Self-management factors associated with quality of life among women with endometriosis: a cross-sectional Australian survey

Rebecca O’Hara, Heather Rowe, Jane Fisher

Research output: Contribution to journalArticleResearchpeer-review

Abstract

STUDY QUESTION: What self-management factors are associated with quality of life among women with endometriosis? SUMMARY ANSWER: Greater self-efficacy was associated with improved physical and mental quality of life. WHAT IS KNOWN ALREADY: Women with endometriosis have an impaired quality of life compared to the general female population. However, most studies have investigated quality of life in a hospital or clinic setting rather than a community setting and the association between self-management factors and quality of life have not, to date, been investigated. STUDY DESIGN, SIZE, DURATION: A cross-sectional, population-based online survey was performed, which was advertised through women's, community and endometriosis-specific groups. PARTICIPANTS/MATERIALS, SETTING, METHODS: A total of 620 women completed the survey for this study. Mental and physical quality of life was assessed using the standardized SF36v2 questionnaire. Self-management factors included self-efficacy, partners in health (active involvement in managing the condition) and performance of self-care activities. Treatment approaches included the use of hormonal treatment, pain medications and complementary therapies and whether the participant had a chronic disease management plan. Hierarchical regression analyses were used to examine whether self-management and treatment factors were associated with quality of life. MAIN RESULTS AND THE ROLE OF CHANCE: Both physical and mental quality of life were significantly lower among women with endometriosis compared to the mean scores of the general Australian female population (P < 0.001). Physical quality of life was positively associated with income sufficiency (P < 0.001) and greater self-efficacy (P < 0.001), but negatively associated with age (P < 0.001), pain severity (P < 0.001), use of prescription medications (P < 0.001), having a chronic disease management plan (P < 0.05) and number of self-care activities (P < 0.05). Mental quality of life was positively associated with being older (P < 0.001), partnered (P < 0.001), having a university education (P < 0.05), increasing self-efficacy (P < 0.001) and higher partners in health scores (P < 0.001). LIMITATIONS, REASONS FOR CAUTION: Results are derived from a cross-sectional study and can only be interpreted as associations not as causal relationships. The sample was more educated, more likely to speak English and be born in Australia than the general Australian female population of the same age, which may influence the generalizability of these results. WIDER IMPLICATIONS OF THE FINDINGS: This study investigated a knowledge gap by investigating quality of life of women with endometriosis in a large community sample. Self-efficacy was significantly associated with both physical and mental quality of life. Supporting women with endometriosis to improve self-efficacy through a structured chronic disease management programme may lead to improvements in this aspect of wellbeing. STUDY FUNDING/COMPETING INTEREST(S): R.O. undertook this research as part of her PhD at Monash University, which was supported by an Australian Government Research Training Program Stipend. J.F. is the Finkel Professor of Global Public Health, which was supported by the Finkel Family Foundation. There are no conflicts of interest to declare.NA.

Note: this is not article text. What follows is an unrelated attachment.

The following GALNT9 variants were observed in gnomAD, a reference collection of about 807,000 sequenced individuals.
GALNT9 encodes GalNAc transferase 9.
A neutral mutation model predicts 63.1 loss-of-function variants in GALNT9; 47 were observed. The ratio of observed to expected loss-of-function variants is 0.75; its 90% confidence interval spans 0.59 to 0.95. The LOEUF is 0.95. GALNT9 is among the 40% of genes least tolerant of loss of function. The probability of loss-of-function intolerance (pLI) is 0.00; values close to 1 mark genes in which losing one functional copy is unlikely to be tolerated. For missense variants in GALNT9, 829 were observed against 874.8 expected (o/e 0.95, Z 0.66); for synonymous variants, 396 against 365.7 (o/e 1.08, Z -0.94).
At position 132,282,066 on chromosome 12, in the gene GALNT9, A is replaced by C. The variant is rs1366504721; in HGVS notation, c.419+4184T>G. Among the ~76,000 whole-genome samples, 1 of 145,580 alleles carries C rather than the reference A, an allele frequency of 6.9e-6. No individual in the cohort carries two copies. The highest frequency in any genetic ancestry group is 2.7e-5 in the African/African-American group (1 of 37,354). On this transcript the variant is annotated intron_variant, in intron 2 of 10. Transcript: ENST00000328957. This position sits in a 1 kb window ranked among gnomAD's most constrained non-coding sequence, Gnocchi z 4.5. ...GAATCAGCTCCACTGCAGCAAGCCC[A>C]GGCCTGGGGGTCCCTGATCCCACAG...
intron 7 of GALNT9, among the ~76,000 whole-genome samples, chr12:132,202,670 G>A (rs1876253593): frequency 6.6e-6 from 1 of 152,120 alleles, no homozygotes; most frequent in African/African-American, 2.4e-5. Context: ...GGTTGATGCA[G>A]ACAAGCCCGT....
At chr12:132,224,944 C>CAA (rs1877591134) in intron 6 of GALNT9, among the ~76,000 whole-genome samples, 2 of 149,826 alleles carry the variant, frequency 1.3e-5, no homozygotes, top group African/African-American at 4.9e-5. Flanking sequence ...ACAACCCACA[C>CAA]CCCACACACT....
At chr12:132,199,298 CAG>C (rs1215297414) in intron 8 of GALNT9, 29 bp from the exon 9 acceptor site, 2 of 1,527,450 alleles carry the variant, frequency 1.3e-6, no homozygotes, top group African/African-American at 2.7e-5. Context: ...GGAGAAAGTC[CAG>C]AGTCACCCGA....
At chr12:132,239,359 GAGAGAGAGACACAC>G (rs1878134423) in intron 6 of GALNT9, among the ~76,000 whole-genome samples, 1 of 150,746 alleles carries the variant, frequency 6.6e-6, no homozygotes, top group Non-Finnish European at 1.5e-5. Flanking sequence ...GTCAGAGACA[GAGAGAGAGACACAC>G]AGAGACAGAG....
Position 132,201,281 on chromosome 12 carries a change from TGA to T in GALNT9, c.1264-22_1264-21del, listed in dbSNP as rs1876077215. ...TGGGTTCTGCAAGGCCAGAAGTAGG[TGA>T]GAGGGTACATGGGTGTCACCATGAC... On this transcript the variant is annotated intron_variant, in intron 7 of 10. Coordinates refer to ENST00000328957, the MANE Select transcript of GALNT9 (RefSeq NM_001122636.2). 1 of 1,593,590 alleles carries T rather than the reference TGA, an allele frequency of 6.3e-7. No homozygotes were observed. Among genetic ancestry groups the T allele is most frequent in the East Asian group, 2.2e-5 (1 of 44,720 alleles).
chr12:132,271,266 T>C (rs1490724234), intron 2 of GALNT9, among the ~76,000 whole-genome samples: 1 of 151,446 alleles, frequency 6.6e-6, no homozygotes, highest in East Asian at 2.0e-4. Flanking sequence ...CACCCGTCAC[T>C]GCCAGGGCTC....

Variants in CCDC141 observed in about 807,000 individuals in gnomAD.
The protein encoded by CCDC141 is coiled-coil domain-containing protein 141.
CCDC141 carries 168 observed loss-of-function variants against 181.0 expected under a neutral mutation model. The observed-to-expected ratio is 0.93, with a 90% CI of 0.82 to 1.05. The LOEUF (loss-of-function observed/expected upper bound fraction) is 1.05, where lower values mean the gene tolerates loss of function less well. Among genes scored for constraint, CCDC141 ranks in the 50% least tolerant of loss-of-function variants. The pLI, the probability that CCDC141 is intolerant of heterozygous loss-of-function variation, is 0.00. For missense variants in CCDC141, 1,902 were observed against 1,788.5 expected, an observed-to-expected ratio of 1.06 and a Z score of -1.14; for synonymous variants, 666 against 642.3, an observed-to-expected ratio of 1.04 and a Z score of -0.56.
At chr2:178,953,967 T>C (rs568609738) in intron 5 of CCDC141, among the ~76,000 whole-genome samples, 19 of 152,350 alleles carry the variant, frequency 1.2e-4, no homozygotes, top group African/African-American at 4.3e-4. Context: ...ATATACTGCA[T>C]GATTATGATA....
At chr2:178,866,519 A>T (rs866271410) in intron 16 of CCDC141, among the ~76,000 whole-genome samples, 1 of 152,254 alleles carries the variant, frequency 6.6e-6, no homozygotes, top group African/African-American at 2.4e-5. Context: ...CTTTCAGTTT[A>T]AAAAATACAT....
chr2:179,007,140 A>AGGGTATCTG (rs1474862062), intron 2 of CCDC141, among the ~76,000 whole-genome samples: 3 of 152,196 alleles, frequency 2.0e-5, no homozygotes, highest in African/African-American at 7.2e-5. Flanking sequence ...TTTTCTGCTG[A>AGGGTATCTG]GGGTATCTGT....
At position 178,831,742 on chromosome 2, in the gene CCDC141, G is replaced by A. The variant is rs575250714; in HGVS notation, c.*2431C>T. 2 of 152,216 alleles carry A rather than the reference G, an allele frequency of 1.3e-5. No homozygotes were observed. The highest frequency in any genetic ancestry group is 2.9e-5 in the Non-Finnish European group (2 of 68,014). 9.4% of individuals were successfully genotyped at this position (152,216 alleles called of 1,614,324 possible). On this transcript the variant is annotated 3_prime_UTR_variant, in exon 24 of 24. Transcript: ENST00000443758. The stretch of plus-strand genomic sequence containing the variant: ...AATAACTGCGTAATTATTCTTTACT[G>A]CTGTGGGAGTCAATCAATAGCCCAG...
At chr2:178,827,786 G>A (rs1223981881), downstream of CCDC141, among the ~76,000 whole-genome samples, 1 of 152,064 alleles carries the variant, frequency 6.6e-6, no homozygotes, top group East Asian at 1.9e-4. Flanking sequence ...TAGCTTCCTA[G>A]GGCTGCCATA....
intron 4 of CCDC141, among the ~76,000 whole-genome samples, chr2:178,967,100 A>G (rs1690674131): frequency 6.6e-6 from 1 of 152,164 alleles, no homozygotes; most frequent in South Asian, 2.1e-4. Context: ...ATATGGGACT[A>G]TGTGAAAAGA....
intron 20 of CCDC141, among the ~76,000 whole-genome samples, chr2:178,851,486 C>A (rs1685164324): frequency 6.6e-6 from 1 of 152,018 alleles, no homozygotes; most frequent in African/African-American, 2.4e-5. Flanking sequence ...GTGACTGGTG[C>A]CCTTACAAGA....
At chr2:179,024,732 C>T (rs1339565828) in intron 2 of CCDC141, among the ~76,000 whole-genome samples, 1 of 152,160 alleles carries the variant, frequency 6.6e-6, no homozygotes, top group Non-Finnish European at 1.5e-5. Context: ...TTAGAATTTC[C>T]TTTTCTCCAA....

Original languageEnglish
Pages (from-to)647-655
Number of pages9
JournalHuman Reproduction
Volume36
Issue number3
DOIs
Publication statusPublished - Mar 2021

Keywords

  • chronic disease
  • endometriosis
  • health outcomes
  • psychology
  • quality of life
  • self-management
  • women’s health

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